Conference USA fined East Carolina $10,000 for allowing fans to storm the field after their upset win over West Virginia a little over a week ago. The message? Do a more thorough job of beating your fans, ECU.
A state agency is investigating the police action taken after the game, when literally thousands of people descended upon the playing surface and a lucky few ended up with a baton upside their head. Apparently, the agency has been asked to decide whether or not police used “excessive force” in dealing with the jubilant fans. Yeah, I think celebrating a win with your team on the field and doing something that millions of people have done over the years and doesn’t really hurt anyone else warrants four or five punches in the face.
SPORTS NETWORK (via the SEATTLE P-I) says:
Conference USA policy states that “spectators should not be permitted on the field of play until the visiting team and officials have made safe transition to the locker room.”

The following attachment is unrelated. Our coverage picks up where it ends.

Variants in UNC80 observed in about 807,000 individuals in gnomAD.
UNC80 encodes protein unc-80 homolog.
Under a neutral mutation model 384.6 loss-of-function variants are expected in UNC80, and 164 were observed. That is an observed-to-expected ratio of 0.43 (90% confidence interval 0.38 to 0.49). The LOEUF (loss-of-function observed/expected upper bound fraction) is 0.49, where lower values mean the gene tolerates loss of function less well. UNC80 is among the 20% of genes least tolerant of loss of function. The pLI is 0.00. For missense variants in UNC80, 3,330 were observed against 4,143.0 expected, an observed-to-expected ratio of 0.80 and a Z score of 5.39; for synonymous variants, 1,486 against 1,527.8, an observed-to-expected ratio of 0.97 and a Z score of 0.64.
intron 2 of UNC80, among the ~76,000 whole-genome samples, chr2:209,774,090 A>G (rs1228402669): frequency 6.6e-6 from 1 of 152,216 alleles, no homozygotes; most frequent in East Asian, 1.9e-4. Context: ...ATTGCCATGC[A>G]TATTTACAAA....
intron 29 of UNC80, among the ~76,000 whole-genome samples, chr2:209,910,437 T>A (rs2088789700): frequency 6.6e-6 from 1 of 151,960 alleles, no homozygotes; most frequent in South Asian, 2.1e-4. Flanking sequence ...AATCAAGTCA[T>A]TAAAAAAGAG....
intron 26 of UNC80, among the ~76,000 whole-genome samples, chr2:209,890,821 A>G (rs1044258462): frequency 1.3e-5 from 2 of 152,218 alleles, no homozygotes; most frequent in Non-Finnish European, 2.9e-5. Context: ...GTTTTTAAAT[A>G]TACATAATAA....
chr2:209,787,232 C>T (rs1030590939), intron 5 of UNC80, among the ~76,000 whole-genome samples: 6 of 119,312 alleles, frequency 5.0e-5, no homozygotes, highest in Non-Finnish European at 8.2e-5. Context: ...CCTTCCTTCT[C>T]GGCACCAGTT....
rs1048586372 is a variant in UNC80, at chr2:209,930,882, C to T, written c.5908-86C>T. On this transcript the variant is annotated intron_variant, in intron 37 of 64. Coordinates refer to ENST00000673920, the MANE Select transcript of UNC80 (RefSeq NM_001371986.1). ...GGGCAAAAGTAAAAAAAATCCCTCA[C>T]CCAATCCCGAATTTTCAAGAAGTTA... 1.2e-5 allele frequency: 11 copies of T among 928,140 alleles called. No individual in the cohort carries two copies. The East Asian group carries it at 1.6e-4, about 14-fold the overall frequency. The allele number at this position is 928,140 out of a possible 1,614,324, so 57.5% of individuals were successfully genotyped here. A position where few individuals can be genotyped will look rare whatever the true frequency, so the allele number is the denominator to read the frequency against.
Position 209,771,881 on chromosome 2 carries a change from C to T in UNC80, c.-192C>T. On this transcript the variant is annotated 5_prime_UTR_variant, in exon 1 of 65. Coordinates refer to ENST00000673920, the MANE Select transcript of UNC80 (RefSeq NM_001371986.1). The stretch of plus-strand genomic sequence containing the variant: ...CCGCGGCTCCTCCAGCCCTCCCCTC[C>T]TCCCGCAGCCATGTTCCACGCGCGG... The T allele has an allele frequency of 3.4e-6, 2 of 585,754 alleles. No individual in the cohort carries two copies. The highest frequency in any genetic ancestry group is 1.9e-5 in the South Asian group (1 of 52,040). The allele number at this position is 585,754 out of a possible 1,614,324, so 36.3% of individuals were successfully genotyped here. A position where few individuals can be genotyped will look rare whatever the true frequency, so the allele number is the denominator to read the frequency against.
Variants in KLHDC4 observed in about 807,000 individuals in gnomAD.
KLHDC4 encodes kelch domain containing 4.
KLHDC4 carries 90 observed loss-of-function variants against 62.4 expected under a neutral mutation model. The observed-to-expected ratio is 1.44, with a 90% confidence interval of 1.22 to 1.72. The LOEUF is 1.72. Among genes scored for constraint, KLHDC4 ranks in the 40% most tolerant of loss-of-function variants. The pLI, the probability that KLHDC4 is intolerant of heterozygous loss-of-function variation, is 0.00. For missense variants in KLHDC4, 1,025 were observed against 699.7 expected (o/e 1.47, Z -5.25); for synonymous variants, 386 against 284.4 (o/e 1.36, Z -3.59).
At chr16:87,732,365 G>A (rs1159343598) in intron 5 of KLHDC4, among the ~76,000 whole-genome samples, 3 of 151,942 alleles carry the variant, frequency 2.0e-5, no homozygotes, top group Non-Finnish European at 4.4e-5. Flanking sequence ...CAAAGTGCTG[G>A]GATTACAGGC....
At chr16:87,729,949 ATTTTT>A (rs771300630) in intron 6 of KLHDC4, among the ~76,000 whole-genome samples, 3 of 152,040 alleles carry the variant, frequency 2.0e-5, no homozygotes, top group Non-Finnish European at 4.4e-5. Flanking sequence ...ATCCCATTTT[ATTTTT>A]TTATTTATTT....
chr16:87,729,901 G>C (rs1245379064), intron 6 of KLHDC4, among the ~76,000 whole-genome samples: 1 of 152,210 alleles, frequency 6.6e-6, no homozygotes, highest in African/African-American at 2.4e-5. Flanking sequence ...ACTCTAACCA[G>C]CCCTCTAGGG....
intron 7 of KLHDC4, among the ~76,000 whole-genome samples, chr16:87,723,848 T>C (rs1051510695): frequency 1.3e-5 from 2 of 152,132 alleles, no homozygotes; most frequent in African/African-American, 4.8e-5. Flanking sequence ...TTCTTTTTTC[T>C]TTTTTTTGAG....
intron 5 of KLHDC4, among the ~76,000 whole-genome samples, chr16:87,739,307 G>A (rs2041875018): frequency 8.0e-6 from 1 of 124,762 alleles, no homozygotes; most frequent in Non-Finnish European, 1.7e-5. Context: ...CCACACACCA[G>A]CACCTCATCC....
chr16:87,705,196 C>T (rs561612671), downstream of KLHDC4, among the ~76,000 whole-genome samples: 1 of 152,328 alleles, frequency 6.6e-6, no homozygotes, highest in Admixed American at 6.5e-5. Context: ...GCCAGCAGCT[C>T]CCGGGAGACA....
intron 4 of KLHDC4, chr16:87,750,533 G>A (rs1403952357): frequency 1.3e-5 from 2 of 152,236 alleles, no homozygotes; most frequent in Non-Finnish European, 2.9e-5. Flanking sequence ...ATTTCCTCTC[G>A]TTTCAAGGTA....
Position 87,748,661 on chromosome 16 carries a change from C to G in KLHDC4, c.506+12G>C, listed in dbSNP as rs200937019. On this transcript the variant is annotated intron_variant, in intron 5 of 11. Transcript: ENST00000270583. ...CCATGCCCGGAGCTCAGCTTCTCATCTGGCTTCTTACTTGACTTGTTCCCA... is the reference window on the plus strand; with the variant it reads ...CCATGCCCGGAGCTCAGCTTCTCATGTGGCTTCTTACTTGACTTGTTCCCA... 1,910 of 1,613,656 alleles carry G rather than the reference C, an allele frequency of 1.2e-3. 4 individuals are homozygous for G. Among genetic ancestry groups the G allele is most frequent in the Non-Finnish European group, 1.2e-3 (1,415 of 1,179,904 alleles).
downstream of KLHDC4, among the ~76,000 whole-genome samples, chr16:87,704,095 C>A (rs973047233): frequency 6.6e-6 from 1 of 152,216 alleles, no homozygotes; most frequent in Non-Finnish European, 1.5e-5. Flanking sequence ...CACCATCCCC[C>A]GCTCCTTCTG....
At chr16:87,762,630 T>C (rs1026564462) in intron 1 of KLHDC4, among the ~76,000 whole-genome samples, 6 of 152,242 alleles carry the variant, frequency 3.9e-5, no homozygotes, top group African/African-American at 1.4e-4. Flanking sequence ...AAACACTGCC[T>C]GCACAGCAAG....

Got that, folks? Next time, wait five minutes, then storm the field. That won’t ruin the moment at all.
The RALEIGH TELEGRAM tries to sort out what went wrong:
Students and fans were understandably jubilant at the outcome of the football game last Saturday and in a time-honored tradition that has been seen in college football for decades, the fans were ready to storm the field after the game was over. However, East Carolina stadium officials seemed to give conflicting signals about what they could do.
Although announcers asked fans to stay off the field, many could not hear those statements during the roar of the crowd. Police officers cordoned off student sections, but several “non-student” sections of the stadium with older fans were seemingly left unblocked. In addition, ECU sports officials even went ahead and took down the goal posts in anticipation of a fan rush to keep them from being torn down.
The fine levied by C-USA is clearly designed to protect opposing players and game officials, but the combination of rowdy and often drunk fans with police who feel pressure to control a crowd just can’t end well. I’m not saying we should just let the fans go wherever they want, but perhaps the conference should spend more time ensuring that its member schools are prepared to deal with these incidents.